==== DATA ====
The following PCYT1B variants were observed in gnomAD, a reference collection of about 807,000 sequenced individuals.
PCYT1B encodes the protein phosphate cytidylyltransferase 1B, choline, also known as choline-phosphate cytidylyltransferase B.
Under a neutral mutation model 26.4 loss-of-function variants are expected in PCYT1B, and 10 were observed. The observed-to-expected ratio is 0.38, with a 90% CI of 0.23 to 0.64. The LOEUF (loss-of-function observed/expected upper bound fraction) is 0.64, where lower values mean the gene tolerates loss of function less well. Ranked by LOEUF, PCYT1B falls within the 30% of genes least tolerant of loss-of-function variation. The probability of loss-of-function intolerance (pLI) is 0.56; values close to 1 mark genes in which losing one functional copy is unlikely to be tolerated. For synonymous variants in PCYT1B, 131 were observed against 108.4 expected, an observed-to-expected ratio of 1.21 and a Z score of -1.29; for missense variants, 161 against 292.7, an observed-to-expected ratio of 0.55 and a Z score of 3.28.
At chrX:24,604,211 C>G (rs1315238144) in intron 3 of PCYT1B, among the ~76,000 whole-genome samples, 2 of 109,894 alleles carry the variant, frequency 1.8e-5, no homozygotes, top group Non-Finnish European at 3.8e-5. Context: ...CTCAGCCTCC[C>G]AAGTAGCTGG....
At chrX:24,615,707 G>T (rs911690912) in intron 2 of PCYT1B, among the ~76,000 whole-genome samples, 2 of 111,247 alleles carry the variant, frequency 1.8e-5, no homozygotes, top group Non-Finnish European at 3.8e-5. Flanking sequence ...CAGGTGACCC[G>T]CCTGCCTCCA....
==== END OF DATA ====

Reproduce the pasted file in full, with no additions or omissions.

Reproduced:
The following PCYT1B variants were observed in gnomAD, a reference collection of about 807,000 sequenced individuals.
PCYT1B encodes the protein phosphate cytidylyltransferase 1B, choline, also known as choline-phosphate cytidylyltransferase B.
Under a neutral mutation model 26.4 loss-of-function variants are expected in PCYT1B, and 10 were observed. The observed-to-expected ratio is 0.38, with a 90% CI of 0.23 to 0.64. The LOEUF (loss-of-function observed/expected upper bound fraction) is 0.64, where lower values mean the gene tolerates loss of function less well. Ranked by LOEUF, PCYT1B falls within the 30% of genes least tolerant of loss-of-function variation. The probability of loss-of-function intolerance (pLI) is 0.56; values close to 1 mark genes in which losing one functional copy is unlikely to be tolerated. For synonymous variants in PCYT1B, 131 were observed against 108.4 expected, an observed-to-expected ratio of 1.21 and a Z score of -1.29; for missense variants, 161 against 292.7, an observed-to-expected ratio of 0.55 and a Z score of 3.28.
At chrX:24,604,211 C>G (rs1315238144) in intron 3 of PCYT1B, among the ~76,000 whole-genome samples, 2 of 109,894 alleles carry the variant, frequency 1.8e-5, no homozygotes, top group Non-Finnish European at 3.8e-5. Context: ...CTCAGCCTCC[C>G]AAGTAGCTGG....
At chrX:24,615,707 G>T (rs911690912) in intron 2 of PCYT1B, among the ~76,000 whole-genome samples, 2 of 111,247 alleles carry the variant, frequency 1.8e-5, no homozygotes, top group Non-Finnish European at 3.8e-5. Flanking sequence ...CAGGTGACCC[G>T]CCTGCCTCCA....